Spired and emotional: the Oxford Lieder Festival 2020

On paper, the Oxford Lieder festival (wholly online this year, for contagious reasons) ended about a month ago. But not for me. Right up to the last minute, I’ve been extracting the maximum value I possibly can from my catch-up pass, viewing as many concerts as possible before the on-demand video archive finally vanishes from…

Mystery lays: Stef Conner, ‘Riddle Songs’

This startling, life-affirming record somehow manages a feat that has otherwise eluded science so far: time travel. Stef Conner has composed a suite of songs that demonstrate how, through the arts, the past is all there, all at once, running parallel to our present. What are its secrets? A bit of background (although Conner’s liner…

Yes, surprises: Rick Simpson, ‘Everything All of the Time: Kid A Revisited’

This album is an extraordinary achievement – certainly no ordinary ‘covers project’. Rick Simpson and his ensemble wilfully tackle head-on perhaps the original writers’ most elusive set of tracks and, fittingly, bring the same sense of adventure to the material as Radiohead might recognise from recording much of their music first time around. It’s impossible…

Promentum..!

Many of you reading this will be aware that the pandemically-adjusted 2020 Proms season has just shifted up a gear. Since mid-July, the BBC has raided its archives and broadcast selected performances from past years. Now, however, there is an all-too-brief fortnight of live performances from an audience-free Royal Albert Hall, available on various platforms…

Striking a harpsichord: Mahan Esfahani, ‘Musique?’

It’s impossible to resist writing about this tour-de-force of an album, a CD I’ve lived with now for a few weeks and keep feeling drawn back to, certain in the knowledge there’s always more to hear, more to appreciate. I would be happy to recommend any of Mahan Esfahani’s recordings, but my true favourites are…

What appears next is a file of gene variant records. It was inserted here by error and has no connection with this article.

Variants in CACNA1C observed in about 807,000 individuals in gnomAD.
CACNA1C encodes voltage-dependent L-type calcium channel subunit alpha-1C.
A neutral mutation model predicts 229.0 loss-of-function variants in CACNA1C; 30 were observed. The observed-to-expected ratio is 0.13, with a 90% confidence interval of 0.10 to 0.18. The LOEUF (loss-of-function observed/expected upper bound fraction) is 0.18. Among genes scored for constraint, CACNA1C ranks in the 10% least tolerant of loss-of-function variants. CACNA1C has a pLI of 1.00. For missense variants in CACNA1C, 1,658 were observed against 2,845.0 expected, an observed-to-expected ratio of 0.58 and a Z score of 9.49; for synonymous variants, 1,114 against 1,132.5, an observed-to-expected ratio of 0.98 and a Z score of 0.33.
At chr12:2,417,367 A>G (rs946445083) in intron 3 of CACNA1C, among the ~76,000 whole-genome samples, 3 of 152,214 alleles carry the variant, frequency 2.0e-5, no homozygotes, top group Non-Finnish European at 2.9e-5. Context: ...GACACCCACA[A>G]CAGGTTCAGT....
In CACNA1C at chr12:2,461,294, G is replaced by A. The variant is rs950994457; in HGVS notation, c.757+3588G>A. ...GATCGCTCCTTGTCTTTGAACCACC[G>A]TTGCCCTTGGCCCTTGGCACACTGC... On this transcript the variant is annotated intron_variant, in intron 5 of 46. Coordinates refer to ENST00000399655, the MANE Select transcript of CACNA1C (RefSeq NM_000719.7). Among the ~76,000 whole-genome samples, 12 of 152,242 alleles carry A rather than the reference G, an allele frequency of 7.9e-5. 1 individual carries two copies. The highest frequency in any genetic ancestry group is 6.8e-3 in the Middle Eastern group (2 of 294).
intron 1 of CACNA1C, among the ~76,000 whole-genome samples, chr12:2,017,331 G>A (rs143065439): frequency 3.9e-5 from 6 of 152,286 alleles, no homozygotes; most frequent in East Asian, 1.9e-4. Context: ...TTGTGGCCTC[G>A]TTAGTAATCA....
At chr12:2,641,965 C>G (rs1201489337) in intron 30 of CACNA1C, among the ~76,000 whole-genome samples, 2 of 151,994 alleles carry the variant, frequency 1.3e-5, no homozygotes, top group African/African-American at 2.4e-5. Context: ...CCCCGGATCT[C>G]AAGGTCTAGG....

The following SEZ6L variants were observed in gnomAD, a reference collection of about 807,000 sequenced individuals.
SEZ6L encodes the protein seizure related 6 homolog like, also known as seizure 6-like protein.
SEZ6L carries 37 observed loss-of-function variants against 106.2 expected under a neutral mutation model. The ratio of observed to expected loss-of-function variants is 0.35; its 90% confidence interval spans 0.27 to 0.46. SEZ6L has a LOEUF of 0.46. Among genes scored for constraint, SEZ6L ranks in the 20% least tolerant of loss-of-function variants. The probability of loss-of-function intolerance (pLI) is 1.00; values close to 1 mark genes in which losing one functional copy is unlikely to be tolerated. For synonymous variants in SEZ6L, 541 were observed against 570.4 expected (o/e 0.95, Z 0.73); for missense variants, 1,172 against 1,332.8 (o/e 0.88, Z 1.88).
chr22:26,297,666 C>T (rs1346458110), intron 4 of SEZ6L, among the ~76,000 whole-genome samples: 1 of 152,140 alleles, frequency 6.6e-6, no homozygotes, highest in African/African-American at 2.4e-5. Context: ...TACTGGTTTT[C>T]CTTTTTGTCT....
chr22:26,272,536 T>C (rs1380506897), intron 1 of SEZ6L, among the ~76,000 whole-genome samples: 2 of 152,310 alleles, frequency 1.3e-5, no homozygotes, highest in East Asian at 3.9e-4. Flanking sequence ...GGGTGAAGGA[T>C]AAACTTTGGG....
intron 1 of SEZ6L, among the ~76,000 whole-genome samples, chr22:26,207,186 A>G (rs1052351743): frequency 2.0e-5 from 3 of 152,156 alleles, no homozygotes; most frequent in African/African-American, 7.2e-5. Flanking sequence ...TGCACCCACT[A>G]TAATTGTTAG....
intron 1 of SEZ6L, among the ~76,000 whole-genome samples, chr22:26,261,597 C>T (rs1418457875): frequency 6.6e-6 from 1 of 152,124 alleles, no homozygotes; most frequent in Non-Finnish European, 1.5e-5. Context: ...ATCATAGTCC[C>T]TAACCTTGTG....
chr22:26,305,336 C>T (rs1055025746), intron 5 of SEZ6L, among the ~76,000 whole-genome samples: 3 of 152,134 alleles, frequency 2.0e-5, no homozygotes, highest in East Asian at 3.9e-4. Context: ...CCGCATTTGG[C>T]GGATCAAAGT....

Window to the inner world: Heather Leigh, ‘Glory Days’

Heather Leigh’s previous release, ‘Throne’, was one of my favourite albums of 2018. Picking up the record unawares, you might expect country rock – Leigh sings, and her chief instrument is pedal steel guitar – but that would be a mistake. On first listen, you might wonder just what it is you’ve let yourself in…

Body and soul: Anakronos, ‘The Red Book of Ossory’

This brilliant suite of songs practises its own apparent witchcraft, seducing you more or less straightaway with its beauty – which doesn’t fade after repeated listens. But as the debut album from Anakronos grows more familiar, it reveals and revels in layer after layer of sinister chills and thought-provoking arrangements and effects. Anakronos are a…

Virtual reality

I think experience has now told us – if we needed convincing – that these communal events are worth having. Not because they’re a substitute for live events, but because they ‘top us up’ culturally and emotionally, while reminding us to never lose sight of the irreplaceable power of the real thing.

Do we still need music critics?

Critic – one who engages often professionally in the analysis, evaluation, or appreciation of works of art or artistic performances The debate about the value of music criticism and those who write it is not new. In the digital age, the music itself has not changed, but the technologies through which we discuss, transmit and…